via VOGUE – PARIS – JULY 1, 2018
Hubert de Givenchy was one of the first celebrity designers. His affiliation with Audrey Hepburn, whom he famously dressed for her role in Breakfast at Tiffany’s, made his name and hers. Clare Waight Keller, who inherited the house of Givenchy last year after a long line of male interpreters—Galliano, McQueen, Macdonald, Tisci—is undoubtedly the biggest celebrity designer of 2018. She dressed Meghan Markle on the day of her wedding to Prince Harry—much to the astonishment and delight of most fashion watchers. Waight Keller’s name rarely came up in the pre-wedding chatter, but the gown was roundly championed as an elegant, independent choice.
That gave tonight’s show in the garden of Paris’s Archives Nationales a frisson of synchronicity. Waight Keller paid tribute to Givenchy, who died in February this year. She is the first creative director at the house to honor his legacy, a gesture that’s at once respectful and humble, as well as brave: To look back is to risk getting stuck there. Waight Keller insisted on the project. “Having met him, and the fact that he passed three months ago, he felt very present in my mind; his legacy felt like something that needed to be celebrated,” she said backstage. “Everybody knows his work with Audrey. But less so the capes, the peekaboos, the architecture, the flou. . . . It was a wonderful trip for me to discover it and reinterpret it my way.”
On the board behind her and in a book on every seat were archival photographs of Hepburn and models in frocks from the ’50s through the ’70s. Riffs on those looks paraded down the runway, but Waight Keller made the point that they weren’t reproductions. The show opener was pink and white in Hepburn’s original, but tonight the cape-back top and column skirt were black and icy almost-silver. The Breakfast at Tiffany’s LBD, meanwhile, was updated with a very au courant hood replacing those multiple strands of pearls. More so, though, it’s the fabrics that are changed. Half a century ago, materials were a lot stiffer and heavier than today’s.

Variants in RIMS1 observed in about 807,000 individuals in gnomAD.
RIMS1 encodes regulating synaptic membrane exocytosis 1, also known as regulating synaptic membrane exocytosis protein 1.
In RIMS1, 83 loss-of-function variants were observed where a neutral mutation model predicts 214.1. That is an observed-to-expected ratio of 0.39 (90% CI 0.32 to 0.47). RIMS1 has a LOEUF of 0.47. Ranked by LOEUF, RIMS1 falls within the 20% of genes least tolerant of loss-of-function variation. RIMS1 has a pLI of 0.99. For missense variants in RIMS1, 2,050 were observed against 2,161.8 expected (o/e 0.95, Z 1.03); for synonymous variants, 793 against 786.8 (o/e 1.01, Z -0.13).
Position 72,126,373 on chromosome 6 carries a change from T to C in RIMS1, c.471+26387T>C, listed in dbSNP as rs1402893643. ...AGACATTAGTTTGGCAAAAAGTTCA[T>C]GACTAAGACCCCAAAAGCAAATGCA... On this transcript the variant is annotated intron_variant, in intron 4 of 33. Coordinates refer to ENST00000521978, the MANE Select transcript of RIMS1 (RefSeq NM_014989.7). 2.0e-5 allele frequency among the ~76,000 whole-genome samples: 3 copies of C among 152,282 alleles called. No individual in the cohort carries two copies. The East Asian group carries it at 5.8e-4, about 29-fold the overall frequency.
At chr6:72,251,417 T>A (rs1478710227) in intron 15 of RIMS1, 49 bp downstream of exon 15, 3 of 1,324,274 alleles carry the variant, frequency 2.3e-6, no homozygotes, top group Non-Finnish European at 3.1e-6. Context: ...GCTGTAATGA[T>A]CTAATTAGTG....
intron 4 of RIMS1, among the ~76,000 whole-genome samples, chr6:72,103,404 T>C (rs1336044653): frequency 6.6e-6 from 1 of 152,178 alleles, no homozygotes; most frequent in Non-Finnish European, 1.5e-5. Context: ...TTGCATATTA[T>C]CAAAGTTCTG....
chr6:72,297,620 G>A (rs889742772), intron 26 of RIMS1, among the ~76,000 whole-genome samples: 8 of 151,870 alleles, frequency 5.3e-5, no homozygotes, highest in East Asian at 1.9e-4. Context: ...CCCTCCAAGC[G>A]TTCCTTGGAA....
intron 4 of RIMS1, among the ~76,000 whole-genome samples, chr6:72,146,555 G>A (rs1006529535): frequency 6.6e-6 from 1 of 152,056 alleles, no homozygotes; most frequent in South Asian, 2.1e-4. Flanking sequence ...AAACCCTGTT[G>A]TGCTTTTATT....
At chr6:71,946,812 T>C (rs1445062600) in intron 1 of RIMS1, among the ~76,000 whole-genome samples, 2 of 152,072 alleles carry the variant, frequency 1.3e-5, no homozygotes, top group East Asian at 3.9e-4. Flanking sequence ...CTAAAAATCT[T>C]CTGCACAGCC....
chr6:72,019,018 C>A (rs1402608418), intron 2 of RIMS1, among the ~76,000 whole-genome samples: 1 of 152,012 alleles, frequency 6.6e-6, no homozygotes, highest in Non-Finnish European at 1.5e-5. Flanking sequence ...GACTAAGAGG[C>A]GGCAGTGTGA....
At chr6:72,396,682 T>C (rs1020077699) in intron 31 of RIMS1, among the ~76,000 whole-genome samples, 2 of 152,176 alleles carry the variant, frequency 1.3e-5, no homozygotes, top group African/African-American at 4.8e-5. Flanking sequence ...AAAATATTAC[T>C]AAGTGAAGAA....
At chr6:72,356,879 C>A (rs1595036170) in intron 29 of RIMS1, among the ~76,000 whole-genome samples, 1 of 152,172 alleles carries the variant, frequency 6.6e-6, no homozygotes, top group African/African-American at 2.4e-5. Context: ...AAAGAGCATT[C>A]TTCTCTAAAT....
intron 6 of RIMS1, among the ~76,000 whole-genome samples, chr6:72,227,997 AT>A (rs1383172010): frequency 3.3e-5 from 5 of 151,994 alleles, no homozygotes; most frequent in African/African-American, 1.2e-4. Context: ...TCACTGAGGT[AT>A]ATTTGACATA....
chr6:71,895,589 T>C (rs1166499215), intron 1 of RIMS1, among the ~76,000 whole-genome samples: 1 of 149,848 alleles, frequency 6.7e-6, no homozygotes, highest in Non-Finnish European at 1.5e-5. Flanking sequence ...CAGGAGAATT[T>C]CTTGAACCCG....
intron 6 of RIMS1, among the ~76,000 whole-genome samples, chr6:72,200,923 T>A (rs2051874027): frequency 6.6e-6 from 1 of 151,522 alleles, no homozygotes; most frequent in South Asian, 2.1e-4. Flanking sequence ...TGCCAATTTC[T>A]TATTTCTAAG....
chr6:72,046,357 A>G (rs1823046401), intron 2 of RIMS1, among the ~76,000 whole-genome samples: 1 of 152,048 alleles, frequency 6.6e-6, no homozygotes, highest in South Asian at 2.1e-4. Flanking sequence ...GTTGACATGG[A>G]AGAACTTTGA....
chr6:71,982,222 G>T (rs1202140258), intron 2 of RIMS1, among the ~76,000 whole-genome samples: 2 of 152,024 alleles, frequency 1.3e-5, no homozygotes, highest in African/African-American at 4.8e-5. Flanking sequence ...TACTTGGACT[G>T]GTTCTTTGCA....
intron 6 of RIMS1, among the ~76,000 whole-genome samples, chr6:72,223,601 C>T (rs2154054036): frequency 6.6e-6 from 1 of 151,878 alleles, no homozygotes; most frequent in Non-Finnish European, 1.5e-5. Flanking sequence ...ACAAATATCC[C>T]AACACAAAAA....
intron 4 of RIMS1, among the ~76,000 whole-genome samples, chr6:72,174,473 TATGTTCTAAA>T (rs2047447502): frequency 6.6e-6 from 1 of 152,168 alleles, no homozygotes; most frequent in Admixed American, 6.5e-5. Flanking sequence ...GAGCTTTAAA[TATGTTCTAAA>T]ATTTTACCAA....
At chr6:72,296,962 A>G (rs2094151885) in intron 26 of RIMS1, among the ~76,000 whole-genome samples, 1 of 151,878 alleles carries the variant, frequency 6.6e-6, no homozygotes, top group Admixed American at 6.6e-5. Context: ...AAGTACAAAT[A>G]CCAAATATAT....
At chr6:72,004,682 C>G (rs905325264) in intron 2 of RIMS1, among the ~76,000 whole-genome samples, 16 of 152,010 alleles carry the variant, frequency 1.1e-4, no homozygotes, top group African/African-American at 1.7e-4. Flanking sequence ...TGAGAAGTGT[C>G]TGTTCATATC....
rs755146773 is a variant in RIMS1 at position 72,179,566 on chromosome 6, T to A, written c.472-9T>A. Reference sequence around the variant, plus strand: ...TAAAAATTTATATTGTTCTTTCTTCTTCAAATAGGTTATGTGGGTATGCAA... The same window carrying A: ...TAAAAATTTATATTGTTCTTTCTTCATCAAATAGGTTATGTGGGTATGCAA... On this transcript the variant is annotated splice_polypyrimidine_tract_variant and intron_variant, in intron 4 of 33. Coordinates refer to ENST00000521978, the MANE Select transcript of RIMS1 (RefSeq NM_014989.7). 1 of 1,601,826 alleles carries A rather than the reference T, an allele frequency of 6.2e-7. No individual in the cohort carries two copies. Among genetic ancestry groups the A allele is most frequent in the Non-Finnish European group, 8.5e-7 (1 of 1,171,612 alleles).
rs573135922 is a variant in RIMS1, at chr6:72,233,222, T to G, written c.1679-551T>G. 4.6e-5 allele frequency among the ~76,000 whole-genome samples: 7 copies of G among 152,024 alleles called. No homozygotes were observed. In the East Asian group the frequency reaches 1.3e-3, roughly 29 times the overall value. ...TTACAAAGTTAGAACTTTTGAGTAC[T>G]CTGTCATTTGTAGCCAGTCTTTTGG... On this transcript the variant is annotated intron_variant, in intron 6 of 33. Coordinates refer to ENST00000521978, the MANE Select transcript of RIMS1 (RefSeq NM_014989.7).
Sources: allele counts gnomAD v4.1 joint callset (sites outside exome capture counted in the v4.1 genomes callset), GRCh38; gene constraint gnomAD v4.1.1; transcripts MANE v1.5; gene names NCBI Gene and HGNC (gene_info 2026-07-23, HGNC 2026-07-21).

Indeed, the pieces here that held the most modern resonance were in the flou category: goddess draping on Kiki Willems, a caped ivory gown accessorized with a silver metal harness, and tiers of plissé silk that echoed her last ready-to-wear collection. Waight Keller established her tailoring bona fides at her couture debut in January. Here, history weighed heavily on some of the silhouettes, though there is no arguing with the purity of their lines. As for the embroideries, they were at their most compelling on a man’s coat stitched all over with starbursts of bugle beads; perhaps they were so unexpected there.
At the finale, Hepburn crooned “Moon River” on the soundtrack. It was a touching moment and a moving tribute, made all the more so by the fact that Waight Keller, taking a page from Monsieur Givenchy himself, invited the atelier members to join her for a bow. “He believed in elegance, he believed in chic,” and Waight Keller has both in spades. Still, we’ll be eager to see what she does next season when she releases herself from the past and looks forward again.